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Former acting defense secretary thinks the U.S. should slash its military budget in half

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Former acting Defense Secretary Christopher C. Miller has a message for Washington: cut the defense budget "dramatically" and stop making China a bogeyman.  

Miller argues the Pentagon budget, now at $816 billion, could be slashed by as much as half.  

"We have created an entire enterprise that focuses economically on creating crisis to justify outrageously high defense spending," Miller said in an interview with chief Washington correspondent Major Garrett for this week's episode of "The Takeout."  

"You have to starve the beast to make people come out of their cubby holes and start thinking creatively," Miller said, adding that legacy weapons systems could be phased out in favor of newer, more efficient technology. 

Miller served in the waning days of the Trump administration and recently wrote a book about his experience, "Soldier Secretary."  

He suggests the military-industrial complex, a term first used by President Dwight Eisenhower to describe the symbiotic connection between a country's military and industrial bases, has spiraled to unsustainable levels and encouraged military and political leaders to exaggerate global conflicts.  

He points to policymakers' approach to China as an example and argues they should de-emphasize the potential conflict. 

"I think by constantly harping on the fact that China is the new threat and we're going to go to war with them someday actually plays right into Chairman Xi's hands and the Chinese Communist Party," Miller told Garrett. "They need to have an enemy that they can, you know, focus their people's anger and attention on and I think we provide them that opportunity by constantly harking on the fact that the Chinese are the greatest threat to America and what not."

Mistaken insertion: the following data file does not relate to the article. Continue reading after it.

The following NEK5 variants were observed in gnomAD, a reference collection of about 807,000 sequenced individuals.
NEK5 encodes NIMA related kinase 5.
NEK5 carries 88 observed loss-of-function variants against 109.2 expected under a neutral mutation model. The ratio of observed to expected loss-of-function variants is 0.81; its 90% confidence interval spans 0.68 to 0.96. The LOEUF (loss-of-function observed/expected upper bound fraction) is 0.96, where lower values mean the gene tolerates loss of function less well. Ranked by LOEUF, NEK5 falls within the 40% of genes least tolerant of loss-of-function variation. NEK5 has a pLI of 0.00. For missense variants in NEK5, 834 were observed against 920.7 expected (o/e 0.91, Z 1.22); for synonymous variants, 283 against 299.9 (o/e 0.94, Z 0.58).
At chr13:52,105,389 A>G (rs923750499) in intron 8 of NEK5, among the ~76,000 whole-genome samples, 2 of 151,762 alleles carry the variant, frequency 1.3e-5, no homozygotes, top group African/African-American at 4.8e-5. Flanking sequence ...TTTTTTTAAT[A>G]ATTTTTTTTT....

The interview with Miller was recorded days before a suspected Chinese spy balloon traversed the continental United States.  

Miller served as acting defense secretary for just 73 days. But his tenure included Jan. 6, 2021, a day he says is "still pretty raw" in his memory.  

"It was a horrible day, nightmare day for the republic," Miller said, defending his agency's response to the unfolding chaos on Capitol Hill. "I felt that we did our duty and served our country appropriately." 

Miller admits there were communications breakdowns amid "fog and friction" that day, and critics have blamed him for not dispatching troops to quell the violence sooner.  

In a report on Jan. 6 prepared by the Defense Department inspector general, Miller said he feared that injecting military personnel into the fray would make the situation worse. "There was absolutely no way … I was putting U.S. military forces at the Capitol, period," Miller told the inspector general.  

"If we put U.S. military personnel on the Capitol, I would have created the greatest Constitutional crisis probably since the Civil War," Miller said, suggesting President Trump could have used those troops to invoke martial law and attempt to hold on to power. 

Miller says Trump deserves blame for what occurred Jan. 6. "I think, yes," he said. 

Asked whether he would he work for Trump again, Miller demurred. "You probably have to ask my wife." 

Executive producer: Arden Farhi

Producers: Jamie Benson, Jacob Rosen, Sara Cook and Eleanor Watson

CBSN Production: Eric Soussanin 
Show email:
Twitter: @TakeoutPodcast
Instagram: @TakeoutPodcast

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